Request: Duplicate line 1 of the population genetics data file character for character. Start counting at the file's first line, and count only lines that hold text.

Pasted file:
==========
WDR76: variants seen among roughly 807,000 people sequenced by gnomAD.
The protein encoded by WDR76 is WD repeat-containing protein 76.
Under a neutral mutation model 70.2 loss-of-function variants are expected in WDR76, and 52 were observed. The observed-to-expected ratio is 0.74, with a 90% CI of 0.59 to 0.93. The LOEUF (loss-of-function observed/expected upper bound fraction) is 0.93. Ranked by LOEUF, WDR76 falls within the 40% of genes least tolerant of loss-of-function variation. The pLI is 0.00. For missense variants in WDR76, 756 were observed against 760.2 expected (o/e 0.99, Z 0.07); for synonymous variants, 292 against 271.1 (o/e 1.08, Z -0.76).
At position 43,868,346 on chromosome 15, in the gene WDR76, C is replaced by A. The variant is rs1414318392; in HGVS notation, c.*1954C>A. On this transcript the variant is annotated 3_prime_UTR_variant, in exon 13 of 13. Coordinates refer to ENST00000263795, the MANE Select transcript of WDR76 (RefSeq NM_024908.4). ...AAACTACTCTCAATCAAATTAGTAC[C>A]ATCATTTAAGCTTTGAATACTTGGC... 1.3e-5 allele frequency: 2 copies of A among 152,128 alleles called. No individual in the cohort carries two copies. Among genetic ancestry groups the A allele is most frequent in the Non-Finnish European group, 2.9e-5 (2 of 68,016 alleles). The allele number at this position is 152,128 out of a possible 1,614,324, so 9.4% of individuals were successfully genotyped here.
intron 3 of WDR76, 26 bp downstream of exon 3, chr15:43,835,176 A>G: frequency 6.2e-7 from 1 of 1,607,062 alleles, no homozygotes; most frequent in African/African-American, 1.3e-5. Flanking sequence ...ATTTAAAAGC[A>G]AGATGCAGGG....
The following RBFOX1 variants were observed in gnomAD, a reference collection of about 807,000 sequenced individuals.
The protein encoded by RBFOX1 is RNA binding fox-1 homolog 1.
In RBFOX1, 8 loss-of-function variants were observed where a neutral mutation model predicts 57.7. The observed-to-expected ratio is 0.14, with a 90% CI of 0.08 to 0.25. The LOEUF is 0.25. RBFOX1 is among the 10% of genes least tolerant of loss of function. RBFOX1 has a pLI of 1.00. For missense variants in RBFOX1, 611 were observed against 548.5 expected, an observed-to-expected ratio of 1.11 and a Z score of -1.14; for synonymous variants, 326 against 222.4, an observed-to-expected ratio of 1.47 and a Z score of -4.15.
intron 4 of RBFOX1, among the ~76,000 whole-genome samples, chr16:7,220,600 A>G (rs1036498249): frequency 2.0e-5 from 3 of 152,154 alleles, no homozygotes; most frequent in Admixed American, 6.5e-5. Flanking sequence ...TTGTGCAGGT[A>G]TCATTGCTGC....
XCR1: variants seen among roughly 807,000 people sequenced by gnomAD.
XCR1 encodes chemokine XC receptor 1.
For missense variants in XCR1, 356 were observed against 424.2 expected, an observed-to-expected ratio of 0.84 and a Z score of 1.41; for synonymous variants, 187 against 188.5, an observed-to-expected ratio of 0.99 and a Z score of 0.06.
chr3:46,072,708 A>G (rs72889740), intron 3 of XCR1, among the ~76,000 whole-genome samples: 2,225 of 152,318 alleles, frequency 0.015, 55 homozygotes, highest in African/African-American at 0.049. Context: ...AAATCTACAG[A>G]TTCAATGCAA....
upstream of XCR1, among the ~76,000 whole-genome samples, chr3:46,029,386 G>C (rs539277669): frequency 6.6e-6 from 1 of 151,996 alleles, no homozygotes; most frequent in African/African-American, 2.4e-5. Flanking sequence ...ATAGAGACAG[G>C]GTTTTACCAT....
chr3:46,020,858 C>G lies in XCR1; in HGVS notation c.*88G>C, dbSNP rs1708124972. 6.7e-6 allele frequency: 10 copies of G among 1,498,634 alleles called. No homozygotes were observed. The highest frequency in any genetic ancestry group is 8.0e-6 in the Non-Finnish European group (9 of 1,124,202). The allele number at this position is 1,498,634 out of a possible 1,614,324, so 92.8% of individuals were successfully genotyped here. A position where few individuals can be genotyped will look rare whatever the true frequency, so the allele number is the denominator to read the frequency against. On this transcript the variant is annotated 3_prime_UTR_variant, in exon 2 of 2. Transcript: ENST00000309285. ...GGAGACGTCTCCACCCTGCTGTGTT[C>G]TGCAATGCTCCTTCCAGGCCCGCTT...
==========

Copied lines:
WDR76: variants seen among roughly 807,000 people sequenced by gnomAD.